From stocks and sauces to soups and sandwiches, a simple guide to elevating basic foods by making them from scratch
While being in lockdown has deprived us of many pleasures, the one thing it has offered in return—certainly to those of us not engaged in essential work—is time. Before all this began, time was often a commodity in desperately short supply, with the demands of work, friendships and family leaving very few gaps in between. Now, many people have more of it stacked up than they know what to do with.
Thankfully, of all the ingredients that go into making delicious, satisfying food, time is among the most precious. And that’s as true when it comes to making the basics, the real building blocks, as it is for creating show-stopping dinners.
Where before we cut corners, now we can be slow and considered. Rather than buying stock, we can try making our own. We can experiment with whipping up custard, ice cream and mayonnaise. We can create tomato sauces and cheese sauces without recourse to sachets or jars. We can sit and wait while our homemade yoghurt becomes thick and creamy.
To help you out, we have pulled together a special collection of recipes and guides, drawn from the Borough Market archive, which offer a blueprint for making basic foods in a slow, considered, hands-on way. Some—the French mother sauces, Italian tomato sauce and vegetable stock—are staple recipes from which to build other dishes. Others, like the mac and cheese or the vegetable soup, are meals in their own right. All of them are worth the effort. If you have the time, you might as well put it to use.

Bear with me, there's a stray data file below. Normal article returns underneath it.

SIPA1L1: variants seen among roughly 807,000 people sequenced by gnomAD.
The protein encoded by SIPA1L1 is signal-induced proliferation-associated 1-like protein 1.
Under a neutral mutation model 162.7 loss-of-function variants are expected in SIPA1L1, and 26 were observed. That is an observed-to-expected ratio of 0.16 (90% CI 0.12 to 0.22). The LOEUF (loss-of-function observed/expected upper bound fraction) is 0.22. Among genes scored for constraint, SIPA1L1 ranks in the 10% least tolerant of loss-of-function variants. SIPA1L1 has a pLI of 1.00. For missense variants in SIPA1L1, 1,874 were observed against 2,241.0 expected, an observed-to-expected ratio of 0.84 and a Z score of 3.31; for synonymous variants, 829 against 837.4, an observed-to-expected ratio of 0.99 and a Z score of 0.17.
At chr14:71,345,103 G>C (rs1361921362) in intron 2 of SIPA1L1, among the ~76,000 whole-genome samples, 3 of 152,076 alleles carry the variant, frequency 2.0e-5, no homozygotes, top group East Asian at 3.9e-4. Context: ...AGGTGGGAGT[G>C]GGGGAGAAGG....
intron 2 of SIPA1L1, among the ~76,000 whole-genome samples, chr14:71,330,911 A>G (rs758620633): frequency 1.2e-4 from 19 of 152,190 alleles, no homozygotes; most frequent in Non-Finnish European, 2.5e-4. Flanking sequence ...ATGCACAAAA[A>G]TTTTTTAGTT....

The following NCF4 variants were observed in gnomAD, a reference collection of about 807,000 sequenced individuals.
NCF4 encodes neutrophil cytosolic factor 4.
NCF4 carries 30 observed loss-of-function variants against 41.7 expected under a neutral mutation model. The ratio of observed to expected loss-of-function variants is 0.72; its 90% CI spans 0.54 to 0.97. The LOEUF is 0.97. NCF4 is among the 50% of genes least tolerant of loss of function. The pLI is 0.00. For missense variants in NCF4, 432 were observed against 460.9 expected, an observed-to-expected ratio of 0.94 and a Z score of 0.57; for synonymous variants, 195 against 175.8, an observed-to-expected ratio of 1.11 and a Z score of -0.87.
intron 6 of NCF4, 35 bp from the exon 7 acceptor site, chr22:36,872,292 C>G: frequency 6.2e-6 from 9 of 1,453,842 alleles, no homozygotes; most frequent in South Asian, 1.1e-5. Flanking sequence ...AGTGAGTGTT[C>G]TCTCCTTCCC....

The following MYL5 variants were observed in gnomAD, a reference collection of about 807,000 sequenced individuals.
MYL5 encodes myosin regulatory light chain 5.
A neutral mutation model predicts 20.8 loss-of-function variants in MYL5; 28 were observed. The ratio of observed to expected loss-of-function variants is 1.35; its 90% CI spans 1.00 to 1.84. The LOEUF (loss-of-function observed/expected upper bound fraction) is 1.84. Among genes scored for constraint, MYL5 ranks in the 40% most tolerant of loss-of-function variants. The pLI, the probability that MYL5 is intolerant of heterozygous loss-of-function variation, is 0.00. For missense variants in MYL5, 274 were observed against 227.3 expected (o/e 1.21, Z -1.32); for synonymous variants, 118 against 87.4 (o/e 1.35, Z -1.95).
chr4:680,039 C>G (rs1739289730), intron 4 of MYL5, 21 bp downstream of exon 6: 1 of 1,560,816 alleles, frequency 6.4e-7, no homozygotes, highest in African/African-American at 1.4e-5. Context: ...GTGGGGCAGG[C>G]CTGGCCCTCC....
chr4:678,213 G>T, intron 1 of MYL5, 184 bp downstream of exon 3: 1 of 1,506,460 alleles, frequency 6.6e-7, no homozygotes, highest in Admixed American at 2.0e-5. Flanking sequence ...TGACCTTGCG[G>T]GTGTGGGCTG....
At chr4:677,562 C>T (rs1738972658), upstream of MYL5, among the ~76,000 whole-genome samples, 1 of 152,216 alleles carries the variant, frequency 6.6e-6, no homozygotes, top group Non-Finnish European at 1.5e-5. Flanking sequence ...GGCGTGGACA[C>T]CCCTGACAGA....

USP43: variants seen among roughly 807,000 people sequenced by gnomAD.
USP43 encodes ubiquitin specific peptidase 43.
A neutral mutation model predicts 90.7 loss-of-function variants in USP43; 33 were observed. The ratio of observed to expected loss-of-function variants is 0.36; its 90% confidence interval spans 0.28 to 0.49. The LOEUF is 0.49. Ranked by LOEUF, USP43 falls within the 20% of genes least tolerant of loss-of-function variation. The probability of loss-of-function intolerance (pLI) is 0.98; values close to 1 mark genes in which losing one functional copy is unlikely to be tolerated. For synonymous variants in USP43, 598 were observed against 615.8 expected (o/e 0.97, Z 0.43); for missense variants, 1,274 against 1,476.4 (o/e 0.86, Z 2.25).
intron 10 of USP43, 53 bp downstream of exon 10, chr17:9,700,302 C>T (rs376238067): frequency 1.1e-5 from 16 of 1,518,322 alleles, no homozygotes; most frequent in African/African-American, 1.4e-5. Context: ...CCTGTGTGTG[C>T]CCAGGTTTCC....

Alternatively, visit the recipes and guides individually on this website:
Vegetable stock, by Tim Maddams
French mother sauces, by Angela Clutton
Italian tomato sauce, by Daniel Tapper
Provençal vegetable soup, by Beca Lyne-Pirkis
A Borough Market toastie, by Ed Smith
Macaroni cheese, by Hayden Groves
Extra-creamy yoghurt, by Malou Herkes
Homemade ice cream, by Daniel Tapper
Pedro ximenez custard, by Angela Clutton
Honey & rosemary lemonade, by Jenny Chandler